Macbeth On Screen: Three Great Film Versions of Shakespeare's Classic Tragedy

Macbeth On Screen: Three Great Film Versions of Shakespeare’s Classic Tragedy

Many years of cultural trickle-down have proven that the tragedies of William Shakespeare are the most endlessly adaptable works that have ever been created. And one of those works is Macbeth, a play with increasing importance and relevance. And since the truths described in Macbeth are still valid even in modern society. 

It is important to mention that students still learn and need to have at least the base knowledge about it for school and college. And you can still find teachers that assign research papers or ask the students to write essays about the whole play or a Macbeth character essay that describes the characters individually. For so long, there is an impressive number of examples of such essays topics, and it seems like everything about the main five characters Macbeth, Lady Macbeth, Macduff, Malcolm, and the Three Witches, has already been said.

Although besides being used in education, those Macbeth characters were and still are an inspiration for many filmmakers. For many years the unique and universal theme of Macbeth has been tailored to fit modern tastes. So, let’s see which three Macbeth movie adaptions are the ones that set themselves apart from the rest and are seen as the best.

Macbeth 1948

This great black and white film is directed by Orson Welles, who also plays the main role. Weller mostly kept the same story of the play and made just some minor changes with significant edits. He increased the presence and purpose of the three Witches in the movie to play up the conflict between the pagan believes and early Christianity in Scotland.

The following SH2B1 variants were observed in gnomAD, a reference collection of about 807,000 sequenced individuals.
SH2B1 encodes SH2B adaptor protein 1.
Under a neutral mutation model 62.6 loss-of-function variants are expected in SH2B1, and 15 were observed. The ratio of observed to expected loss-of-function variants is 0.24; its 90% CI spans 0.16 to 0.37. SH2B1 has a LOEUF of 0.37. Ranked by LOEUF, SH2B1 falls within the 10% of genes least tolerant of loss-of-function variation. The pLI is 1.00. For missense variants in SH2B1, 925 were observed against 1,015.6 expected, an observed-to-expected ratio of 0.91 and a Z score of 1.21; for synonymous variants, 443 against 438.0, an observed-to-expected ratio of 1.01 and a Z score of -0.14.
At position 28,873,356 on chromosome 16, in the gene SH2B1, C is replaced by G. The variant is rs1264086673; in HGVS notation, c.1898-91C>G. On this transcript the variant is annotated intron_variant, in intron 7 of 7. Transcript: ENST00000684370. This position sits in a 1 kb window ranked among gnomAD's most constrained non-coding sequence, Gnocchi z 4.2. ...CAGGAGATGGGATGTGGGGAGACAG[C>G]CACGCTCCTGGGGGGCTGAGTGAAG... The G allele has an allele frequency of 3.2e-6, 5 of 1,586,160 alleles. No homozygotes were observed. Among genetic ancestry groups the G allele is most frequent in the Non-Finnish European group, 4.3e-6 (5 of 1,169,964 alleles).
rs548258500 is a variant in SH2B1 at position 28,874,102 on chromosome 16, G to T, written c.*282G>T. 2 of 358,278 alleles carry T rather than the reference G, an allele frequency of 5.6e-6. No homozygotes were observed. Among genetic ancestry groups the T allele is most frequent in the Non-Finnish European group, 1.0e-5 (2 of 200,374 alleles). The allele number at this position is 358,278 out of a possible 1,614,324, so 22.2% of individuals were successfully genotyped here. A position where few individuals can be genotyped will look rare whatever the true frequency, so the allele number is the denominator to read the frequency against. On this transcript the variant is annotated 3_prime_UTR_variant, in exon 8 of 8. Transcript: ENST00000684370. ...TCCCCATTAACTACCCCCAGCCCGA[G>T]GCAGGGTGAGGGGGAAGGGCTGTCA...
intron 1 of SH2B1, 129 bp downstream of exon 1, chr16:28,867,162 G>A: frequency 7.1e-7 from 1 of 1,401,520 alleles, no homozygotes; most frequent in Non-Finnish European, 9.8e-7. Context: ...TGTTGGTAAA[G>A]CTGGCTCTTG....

He also emphasizes the violence and shows scenes of Lady Macbeth’s suicide and the final battle when Macbeth is beheaded by Macduff. Welles’s first idea was for the actors to speak with authentic Scottish accents, but the producers insisted that the voices should be dubbed after the film was done.

Macbeth 1971

In the summer of 1969, Sharon Tate, the wife, and muse of Roman Polanski was brutally murdered by a Manson Family cult while being pregnant. And after two years of willowing, Polanski dragged himself back into the world and created one of the best versions of Macbeth. It is an R-rated movie and features plenty of o-screen violence and some nude scenes by Lady Macbeth. Polanski also emphasizes the time passage, and the events of the play span several years, so you can see the characters age over the duration of the movie.

Macbeth 2015

The most recent modern Macbeth movie is directed by Justin Kurdziel. This one was filmed in Scotland, and it starts with the funeral of Macbeth’s dead son. This plot links Macbeth’s thirst for power with the grief over their dead son, making them more sympathetic to the viewers.

 This movie is a joy to watch because of the bleak, misty highlighting landscape, authentic and unique medical samples in the set, etc. And the cinematic effects are amazing, from close-ups of hands and faces to slow-motion battle scenes and blood spurts. Although it is not a full version of Shakespeare’s play, and the story is very changed, it is still recognizable as Macbeth’s story.

Conclusion:

The first-ever movie was released back in 1908, and since then, many have tried their hands on creating different versions of Macbeth. Some of them are closer to the text than others. However, the ones above are perfectly adapted the story and show the chemical and tonal character of Shakespeare’s work in fascinating and revealing ways. And most importantly, they show the moral of the story and how a positive trait such as Ambition can have a negative effect on people with various examples.

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